Video: Students in Vancleave ‘Get on the Grid’
VANCLEAVE -- Brent Shows and Garrett Williams, both 16-year-old information technology students at Jackson County Technology Center, have an idea of what they want for their future. But they got a dose of inspiration this week from a new website that shows which jobs are in demand, what training is needed and how much different positions pay.
"Get on the Grid" was developed by the Mississippi Energy Institute to become the state's first online guidance counselor. Meredith Gunn, director of workforce development for the nonprofit agency, is taking it to students around the state to show them they don't have to leave Mississippi to get great jobs.
The website features jobs in energy, manufacturing and utilities, which she said are some of the fastest-growing and highest-paid jobs in the state. With 150,000 openings in these fields in Mississippi, "there's plenty of opportunity here for you," she said.
The 12 career paths require mostly tech level, high school diploma or community college education, said Patrick Sullivan, executive director of the MEI. "They pay well above average and most importantly, they're in high demand in the economy."
While creating the website, they went to top industries, asked what skills are needed and created 30-second videos for each career. "We filmed at real locations," Sullivan said.
Gunn brought people who work in these jobs in South Mississippi to inspire the students Thursday at Vancleave and at Gulfport High School.
Scott Davis started out making $5 an hour at a shipyard and now is an electrical instructor at Chevron. "I love going to work," he told the students.
He's earned the $120,000-a-year salary the students said they dream of making one day and he said, "I did that at home."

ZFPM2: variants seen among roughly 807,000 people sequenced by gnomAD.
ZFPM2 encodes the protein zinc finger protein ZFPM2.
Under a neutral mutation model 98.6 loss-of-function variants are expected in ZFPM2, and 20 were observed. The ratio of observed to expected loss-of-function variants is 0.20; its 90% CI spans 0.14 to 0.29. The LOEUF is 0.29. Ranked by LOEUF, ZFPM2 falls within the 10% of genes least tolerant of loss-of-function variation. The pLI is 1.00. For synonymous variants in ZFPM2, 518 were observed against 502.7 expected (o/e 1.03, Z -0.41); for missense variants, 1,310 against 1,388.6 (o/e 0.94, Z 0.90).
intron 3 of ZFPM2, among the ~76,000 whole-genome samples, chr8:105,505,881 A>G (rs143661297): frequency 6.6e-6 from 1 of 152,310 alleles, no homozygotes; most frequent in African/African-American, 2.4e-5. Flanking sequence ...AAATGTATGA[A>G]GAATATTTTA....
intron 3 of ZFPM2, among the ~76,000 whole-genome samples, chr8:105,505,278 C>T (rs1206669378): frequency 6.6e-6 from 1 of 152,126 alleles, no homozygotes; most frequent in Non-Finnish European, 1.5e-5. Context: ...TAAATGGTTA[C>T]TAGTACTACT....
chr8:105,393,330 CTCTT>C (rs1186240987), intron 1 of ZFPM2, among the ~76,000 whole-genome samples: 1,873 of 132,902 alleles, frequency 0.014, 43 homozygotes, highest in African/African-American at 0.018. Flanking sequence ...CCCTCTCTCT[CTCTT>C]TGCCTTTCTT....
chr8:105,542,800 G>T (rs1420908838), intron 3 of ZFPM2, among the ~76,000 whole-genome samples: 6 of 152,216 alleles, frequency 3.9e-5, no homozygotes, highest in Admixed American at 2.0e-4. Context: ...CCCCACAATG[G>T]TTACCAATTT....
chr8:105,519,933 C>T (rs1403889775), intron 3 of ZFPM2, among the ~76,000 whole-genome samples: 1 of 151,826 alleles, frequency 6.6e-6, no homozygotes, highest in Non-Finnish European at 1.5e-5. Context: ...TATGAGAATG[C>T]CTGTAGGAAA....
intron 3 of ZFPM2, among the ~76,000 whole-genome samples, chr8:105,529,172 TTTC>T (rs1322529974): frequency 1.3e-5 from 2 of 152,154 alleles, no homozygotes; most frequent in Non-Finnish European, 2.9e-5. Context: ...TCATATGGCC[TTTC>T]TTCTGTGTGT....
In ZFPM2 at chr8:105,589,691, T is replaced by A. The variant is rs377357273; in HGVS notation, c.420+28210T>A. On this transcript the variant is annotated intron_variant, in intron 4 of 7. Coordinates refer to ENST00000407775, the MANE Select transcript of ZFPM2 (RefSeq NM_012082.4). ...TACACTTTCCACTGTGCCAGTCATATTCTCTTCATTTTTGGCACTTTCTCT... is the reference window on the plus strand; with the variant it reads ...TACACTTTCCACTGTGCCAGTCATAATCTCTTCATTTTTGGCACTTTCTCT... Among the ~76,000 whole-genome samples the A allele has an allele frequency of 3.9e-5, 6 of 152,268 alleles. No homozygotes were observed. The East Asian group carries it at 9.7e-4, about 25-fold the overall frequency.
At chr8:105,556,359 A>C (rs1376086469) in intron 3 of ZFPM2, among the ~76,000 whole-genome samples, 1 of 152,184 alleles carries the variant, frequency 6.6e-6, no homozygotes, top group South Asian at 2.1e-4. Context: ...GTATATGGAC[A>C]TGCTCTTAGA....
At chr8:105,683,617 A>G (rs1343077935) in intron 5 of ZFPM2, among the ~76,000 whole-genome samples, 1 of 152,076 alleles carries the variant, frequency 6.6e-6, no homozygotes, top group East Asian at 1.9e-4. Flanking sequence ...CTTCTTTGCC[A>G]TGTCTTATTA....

He and the other speakers and teachers emphasized to the students they have a great opportunity, but they have to reach for it themselves.
"You've got to have a 'want to,'" Davis said. "As long as your 'want to' is strong, you will succeed. I promise you that."
By maintaining a B average at the technical program, students are eligible for a full scholarship to Mississippi Gulf Coast Community College, he said.
Many of these students are already accomplished. Shows' Christian Worship Channel website has 285,000 followers.
Shows said he plans to check out "The Grid" website and Williams said, "It really helps when you want to stay home," but also want to make enough money to support a family.
Rickey Corker, IT instructor at Vancleave, said some of his students will graduate with five certificates -- a sort of Advanced Placement credit for techies. Kendra Cole, last year's valedictorian at Vancleave, was in the IT program and now is a student at USM. "She already has job offers," he said.
Carey Olsen, a Mississippi Power lineman, told the students the career fields are very competitive and the applicant with a certificate will get the job.
Cauncey Johnson graduated from Moss Point High School and went into polymer science at Ole Miss but told the students, "It just wasn't for me." Now he is a refinery operator at Chevron and although he doesn't have a college degree or a certificate, "my work skills cover my lack of education." He's decided to enroll in college in the spring. These tech jobs aren't just for men, he said, and for those who get the training, "they're going to be knocking at the door offering you jobs. It's going to be lucrative," he said.